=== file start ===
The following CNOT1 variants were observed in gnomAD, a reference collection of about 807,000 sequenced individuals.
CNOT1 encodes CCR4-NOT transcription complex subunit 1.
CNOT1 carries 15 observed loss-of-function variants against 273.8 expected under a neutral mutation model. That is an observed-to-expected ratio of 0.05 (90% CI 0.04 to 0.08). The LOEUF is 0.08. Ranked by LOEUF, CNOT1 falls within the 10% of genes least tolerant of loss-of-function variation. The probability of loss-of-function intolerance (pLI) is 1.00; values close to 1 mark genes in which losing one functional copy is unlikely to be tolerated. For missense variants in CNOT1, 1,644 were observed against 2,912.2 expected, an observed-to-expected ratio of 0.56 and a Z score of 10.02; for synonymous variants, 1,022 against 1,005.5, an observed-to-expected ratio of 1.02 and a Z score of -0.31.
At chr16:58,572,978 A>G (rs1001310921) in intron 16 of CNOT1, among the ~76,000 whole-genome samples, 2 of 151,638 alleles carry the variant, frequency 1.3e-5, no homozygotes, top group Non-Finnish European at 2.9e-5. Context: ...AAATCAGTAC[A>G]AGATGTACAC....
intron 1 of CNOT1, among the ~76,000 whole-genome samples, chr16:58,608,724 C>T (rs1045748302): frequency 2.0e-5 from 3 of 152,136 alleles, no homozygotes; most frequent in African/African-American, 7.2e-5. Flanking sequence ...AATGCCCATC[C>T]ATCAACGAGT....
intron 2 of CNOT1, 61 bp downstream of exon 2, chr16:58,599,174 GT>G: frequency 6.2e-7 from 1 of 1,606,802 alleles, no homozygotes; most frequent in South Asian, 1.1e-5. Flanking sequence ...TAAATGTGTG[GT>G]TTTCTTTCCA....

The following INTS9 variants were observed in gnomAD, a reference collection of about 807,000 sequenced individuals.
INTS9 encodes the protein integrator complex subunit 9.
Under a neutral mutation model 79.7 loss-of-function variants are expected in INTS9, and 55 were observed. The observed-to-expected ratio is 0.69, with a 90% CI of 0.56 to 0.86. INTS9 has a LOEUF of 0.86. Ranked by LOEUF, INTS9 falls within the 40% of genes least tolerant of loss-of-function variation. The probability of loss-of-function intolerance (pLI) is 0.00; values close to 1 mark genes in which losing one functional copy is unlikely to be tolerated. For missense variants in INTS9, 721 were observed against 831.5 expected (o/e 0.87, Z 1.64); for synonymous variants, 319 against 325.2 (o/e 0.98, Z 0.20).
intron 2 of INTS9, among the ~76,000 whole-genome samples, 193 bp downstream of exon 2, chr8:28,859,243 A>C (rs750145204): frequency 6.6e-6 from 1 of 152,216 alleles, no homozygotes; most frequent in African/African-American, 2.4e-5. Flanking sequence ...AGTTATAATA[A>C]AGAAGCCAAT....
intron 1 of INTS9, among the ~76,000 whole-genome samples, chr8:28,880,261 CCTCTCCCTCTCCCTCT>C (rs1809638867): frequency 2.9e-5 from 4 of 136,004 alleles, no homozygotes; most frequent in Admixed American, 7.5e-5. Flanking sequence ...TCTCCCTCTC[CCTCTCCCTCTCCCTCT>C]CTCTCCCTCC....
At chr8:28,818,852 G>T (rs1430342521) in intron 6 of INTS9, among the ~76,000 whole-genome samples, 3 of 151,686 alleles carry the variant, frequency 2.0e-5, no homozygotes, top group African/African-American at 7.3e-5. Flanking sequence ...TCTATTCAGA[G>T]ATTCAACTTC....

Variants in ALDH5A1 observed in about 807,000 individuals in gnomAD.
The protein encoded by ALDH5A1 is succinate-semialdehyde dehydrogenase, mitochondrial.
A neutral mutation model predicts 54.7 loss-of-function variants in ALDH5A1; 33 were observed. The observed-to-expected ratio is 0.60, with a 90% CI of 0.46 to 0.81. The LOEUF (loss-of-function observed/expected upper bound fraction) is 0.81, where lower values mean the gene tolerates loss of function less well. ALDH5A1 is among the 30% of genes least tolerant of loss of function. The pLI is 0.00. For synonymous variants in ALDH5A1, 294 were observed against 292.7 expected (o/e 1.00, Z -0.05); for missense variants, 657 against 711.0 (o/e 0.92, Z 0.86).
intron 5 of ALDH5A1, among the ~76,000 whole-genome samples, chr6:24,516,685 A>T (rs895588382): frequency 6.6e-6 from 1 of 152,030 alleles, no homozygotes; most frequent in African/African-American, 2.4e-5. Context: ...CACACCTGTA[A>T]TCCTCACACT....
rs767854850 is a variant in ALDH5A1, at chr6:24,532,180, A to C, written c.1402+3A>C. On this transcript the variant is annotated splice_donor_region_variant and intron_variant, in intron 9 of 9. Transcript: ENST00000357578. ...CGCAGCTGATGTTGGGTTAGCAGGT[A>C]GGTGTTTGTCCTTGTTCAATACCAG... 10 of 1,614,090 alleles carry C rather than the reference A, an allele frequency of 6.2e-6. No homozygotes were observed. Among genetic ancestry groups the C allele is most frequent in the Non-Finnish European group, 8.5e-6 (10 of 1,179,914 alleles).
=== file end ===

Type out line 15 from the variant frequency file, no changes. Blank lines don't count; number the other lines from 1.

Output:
A neutral mutation model predicts 54.7 loss-of-function variants in ALDH5A1; 33 were observed. The observed-to-expected ratio is 0.60, with a 90% CI of 0.46 to 0.81. The LOEUF (loss-of-function observed/expected upper bound fraction) is 0.81, where lower values mean the gene tolerates loss of function less well. ALDH5A1 is among the 30% of genes least tolerant of loss of function. The pLI is 0.00. For synonymous variants in ALDH5A1, 294 were observed against 292.7 expected (o/e 1.00, Z -0.05); for missense variants, 657 against 711.0 (o/e 0.92, Z 0.86).